What does poison oak look like?: Poison oak is a woody shrub if it gets full sun, or a climbing vine in the shade of woods.
It is mostly found in forests and woodlands, fields, or open land with shrubby areas. It can also thrive at roadsides and on abandoned land.
Poison oak is native to the western United States and can be seen anywhere across North America, except Alaska. It is a bigger problem in the coastal regions of the southeast and the west.
There are many different varieties of poison oak trees: Knowing the actual plant itself is tricky because individual poison oaks come in different forms. However, there are key facts to remember.
Poison oak has leaves that usually come in threes. Sometimes, there are five, seven, or nine leaves in a group. These leaves are absent in winter. Other keys to identifying poison oak are:
Poison oak does not look like true oak - true oak has single leaves that do not group together in patterns of odd numbers
Has leaf groups, usually in threes, that alternate along each side of the stems
This means it has only one group of leaves coming off at one point on a stem, and then another on the opposite side of the stem further up - and so on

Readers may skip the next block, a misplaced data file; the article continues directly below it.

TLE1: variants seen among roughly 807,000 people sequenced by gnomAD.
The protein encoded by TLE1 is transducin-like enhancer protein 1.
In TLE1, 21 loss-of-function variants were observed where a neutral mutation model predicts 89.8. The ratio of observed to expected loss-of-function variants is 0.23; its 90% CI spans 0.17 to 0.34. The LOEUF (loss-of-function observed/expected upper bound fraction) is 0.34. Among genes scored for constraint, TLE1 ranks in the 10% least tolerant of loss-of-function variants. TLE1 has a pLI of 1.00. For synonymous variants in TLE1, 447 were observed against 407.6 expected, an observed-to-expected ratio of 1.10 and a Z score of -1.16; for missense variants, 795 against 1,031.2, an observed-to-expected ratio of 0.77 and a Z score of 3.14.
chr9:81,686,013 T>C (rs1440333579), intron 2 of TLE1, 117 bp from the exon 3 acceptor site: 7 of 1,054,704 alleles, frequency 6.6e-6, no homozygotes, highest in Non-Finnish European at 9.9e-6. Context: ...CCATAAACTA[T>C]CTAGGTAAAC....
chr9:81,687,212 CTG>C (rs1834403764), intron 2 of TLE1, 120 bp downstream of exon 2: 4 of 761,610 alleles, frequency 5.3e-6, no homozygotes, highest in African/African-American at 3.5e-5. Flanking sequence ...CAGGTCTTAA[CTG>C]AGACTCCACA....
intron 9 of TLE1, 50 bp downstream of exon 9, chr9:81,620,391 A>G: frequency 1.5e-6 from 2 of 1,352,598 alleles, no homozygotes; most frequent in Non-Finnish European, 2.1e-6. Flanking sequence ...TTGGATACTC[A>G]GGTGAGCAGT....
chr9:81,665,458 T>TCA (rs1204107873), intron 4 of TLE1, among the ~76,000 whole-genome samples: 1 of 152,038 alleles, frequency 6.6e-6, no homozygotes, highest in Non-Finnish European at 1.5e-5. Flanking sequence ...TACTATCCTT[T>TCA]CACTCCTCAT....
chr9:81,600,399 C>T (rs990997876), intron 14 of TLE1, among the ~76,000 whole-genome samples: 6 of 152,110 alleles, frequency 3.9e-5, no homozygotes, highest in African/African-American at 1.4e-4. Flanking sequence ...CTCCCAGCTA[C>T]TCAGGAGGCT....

The leaves can be glossy or dull, and sometimes hairy underneath. Poison oaks are varied:
The leaves come in different sizes on various plants - 1 to 4 inches long
The leaves in each of the groupings on the stems are similar in size, although the middle leaf is often longer
Leaf edges can be toothed or lobed
Poison oak is similar to many other trees that lose their leaves for winter after changing color through oranges and reds.
Prevention and treatment of poison oak rash: The easiest advice for avoiding poison oak and the nasty rash it can cause is to:
Know where the plants are and avoid them
Know that the oil is released by damage to the plant
For unknown plants, look out for the leaf-group pattern of poison oak
If poison oak sets off an allergic reaction, a skin rash will appear some time after contact. The rash can appear anywhere from later on the same day to up to 96 hours later.
People should remember the way the rash probably looks, and that poison oak rashes should stay in the area affected.
The allergic rash should start to settle down. People can nurse the rash by:
Staying away from the poison oak and keeping the rash from getting irritated or infected by anything else
Not scratching at the itch as this can cause more damage, itchiness, pain, and infection
Simple, clean, warm water bathing, followed by clean, dry, gentle patting or natural drying helps
Using emollient cream to protect the skin from losing moisture and keep the skin’s barrier function
Over-the-counter medications like diphenhydramine can ease the itchiness. However, it can also make people drowsy, so it should not be taken before operating heavy machinery or driving
The rash should improve into the 2-3 weeks or more that it takes to go away fully. People should see a doctor if any symptoms get worse.
People whose work can put them at a higher risk of contact with poison oak oil need to take measures to protect themselves. Employers must also help.
Markus MacGill